Learn what volatile organic compounds are, their sources, and how VOCs impact air quality. High levels of volatile organic compounds in the air will ultimately lead to an array of health issues. Proper ventilation, product use, product storage, and air disinfecting can reduce the impact of VOCs.
What Are Volatile Organic Compounds (VOCs)?
Volatile organic compounds (also termed VOCs) are organic chemicals that are released into the air as gases from liquids and solids. These compounds are released when the product containing the organic compound is used or stored.
VOCs is an umbrella term covering a wide variety (in the thousands) of these compounds. Some of them have short-lived health effects, while others have a more long-term impact on health.
Concentrations of volatile organic compounds are higher indoors due to a lack of ventilation. Even in an open space, VOCs can still be found but in much smaller concentrations.
Sources of Volatile Organic Compounds
Do you own a household product that contains organic chemicals? Products such as paints, waxes, varnishes, cleaners and disinfectants, and even cosmetic products contain VOCs. Fuels are also composed of organic chemicals.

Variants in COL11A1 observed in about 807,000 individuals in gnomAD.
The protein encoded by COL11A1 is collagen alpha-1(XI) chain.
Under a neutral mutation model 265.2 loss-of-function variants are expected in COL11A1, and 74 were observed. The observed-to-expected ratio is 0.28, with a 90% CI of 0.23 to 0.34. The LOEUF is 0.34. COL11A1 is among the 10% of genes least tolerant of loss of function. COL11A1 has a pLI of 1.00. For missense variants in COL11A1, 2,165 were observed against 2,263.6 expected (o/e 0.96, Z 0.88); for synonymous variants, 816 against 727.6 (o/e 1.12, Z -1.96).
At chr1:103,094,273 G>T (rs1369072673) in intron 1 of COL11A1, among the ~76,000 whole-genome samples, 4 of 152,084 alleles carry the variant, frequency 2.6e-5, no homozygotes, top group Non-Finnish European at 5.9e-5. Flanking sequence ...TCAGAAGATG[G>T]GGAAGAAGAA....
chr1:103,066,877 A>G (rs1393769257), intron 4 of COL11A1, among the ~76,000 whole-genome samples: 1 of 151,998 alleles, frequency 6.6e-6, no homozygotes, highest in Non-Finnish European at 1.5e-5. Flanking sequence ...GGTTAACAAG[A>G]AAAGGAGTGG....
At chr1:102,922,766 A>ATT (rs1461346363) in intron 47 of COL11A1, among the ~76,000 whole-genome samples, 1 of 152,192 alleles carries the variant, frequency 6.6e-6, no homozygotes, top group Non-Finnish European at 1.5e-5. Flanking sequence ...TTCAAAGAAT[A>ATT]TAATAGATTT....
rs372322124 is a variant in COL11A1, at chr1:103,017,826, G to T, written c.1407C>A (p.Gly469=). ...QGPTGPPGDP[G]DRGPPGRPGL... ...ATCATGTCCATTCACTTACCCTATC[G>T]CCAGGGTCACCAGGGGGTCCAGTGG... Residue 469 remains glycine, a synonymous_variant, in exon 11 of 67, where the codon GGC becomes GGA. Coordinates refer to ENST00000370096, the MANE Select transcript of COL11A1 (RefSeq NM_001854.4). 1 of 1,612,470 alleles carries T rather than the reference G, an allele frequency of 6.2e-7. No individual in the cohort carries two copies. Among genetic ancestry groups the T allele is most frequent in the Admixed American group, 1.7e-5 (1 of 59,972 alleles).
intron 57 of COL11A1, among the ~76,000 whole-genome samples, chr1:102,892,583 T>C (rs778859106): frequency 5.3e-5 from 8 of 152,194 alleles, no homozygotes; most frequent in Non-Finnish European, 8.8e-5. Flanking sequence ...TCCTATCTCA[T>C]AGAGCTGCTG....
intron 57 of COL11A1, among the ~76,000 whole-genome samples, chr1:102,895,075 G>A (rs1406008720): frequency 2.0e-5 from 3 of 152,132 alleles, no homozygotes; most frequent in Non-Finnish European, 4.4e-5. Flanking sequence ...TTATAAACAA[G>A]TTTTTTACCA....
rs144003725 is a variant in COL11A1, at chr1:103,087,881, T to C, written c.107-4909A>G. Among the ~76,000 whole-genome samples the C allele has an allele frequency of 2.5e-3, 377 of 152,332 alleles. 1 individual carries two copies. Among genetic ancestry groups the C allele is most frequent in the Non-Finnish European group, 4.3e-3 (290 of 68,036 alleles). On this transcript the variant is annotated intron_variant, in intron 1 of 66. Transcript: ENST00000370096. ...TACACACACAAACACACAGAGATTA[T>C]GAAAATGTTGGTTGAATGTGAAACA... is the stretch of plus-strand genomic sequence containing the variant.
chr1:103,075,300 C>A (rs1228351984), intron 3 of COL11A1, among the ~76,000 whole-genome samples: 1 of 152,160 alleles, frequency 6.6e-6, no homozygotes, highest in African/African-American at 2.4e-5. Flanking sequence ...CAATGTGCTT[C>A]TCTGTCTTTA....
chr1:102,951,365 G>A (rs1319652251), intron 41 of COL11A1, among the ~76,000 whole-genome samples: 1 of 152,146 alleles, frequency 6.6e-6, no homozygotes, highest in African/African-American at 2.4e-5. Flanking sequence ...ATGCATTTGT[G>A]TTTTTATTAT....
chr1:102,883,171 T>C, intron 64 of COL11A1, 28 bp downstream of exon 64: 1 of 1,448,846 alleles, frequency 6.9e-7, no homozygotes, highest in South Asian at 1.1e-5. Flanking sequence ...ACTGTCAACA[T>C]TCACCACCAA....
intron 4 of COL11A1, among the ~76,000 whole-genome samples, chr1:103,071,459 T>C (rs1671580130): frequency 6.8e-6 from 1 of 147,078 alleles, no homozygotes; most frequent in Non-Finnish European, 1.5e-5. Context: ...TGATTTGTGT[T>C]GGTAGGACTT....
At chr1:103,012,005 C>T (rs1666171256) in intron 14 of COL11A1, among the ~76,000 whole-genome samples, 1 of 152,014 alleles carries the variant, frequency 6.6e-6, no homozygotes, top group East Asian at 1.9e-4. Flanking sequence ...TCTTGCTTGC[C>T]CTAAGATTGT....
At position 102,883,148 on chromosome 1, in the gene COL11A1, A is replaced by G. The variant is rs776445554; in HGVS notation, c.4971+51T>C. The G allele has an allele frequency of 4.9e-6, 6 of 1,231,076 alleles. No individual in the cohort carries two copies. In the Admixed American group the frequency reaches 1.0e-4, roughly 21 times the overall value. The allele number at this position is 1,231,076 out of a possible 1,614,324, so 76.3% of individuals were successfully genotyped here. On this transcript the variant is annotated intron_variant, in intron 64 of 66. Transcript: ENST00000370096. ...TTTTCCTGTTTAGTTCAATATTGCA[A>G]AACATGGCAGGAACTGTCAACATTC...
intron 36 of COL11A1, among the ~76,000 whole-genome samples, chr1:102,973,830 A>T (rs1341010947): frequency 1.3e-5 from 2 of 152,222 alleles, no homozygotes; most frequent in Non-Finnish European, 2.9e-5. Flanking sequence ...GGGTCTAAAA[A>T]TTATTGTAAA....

Other prominent sources of VOCs are:
- Hobby supplies
- Aerosol sprays
- Degreasing products
- Wood preservatives
- Building materials
- Glues and adhesives
- Carbonless paper
This is just a short list, but it shows how many products we are exposed to daily that contain volatile organic compounds.
Impacts of Volatile Organic Compounds on Air Quality
We don’t even know it, but volatile organic compounds directly impact air quality. The degree of pollution varies because some compounds are more toxic than others. And just like with most pollutants, the health effects depend on your level of exposure to VOCs in the air.
Health Effects of VOCs in the Air
Some health effects may include upper respiratory irritation, headaches, loss of concentration, nausea, and damage to the central nervous system.
When someone is first exposed to volatile organic compounds, they might show a few immediate symptoms: headache, dizziness, eye irritation, lung irritation, visual disorders, or memory impairment.
Other symptoms brought on by the impact of volatile organic compounds on air quality might include:
- Shortness of breath
- Allergic skin reaction
You can find this entire list on the EPA’s website.
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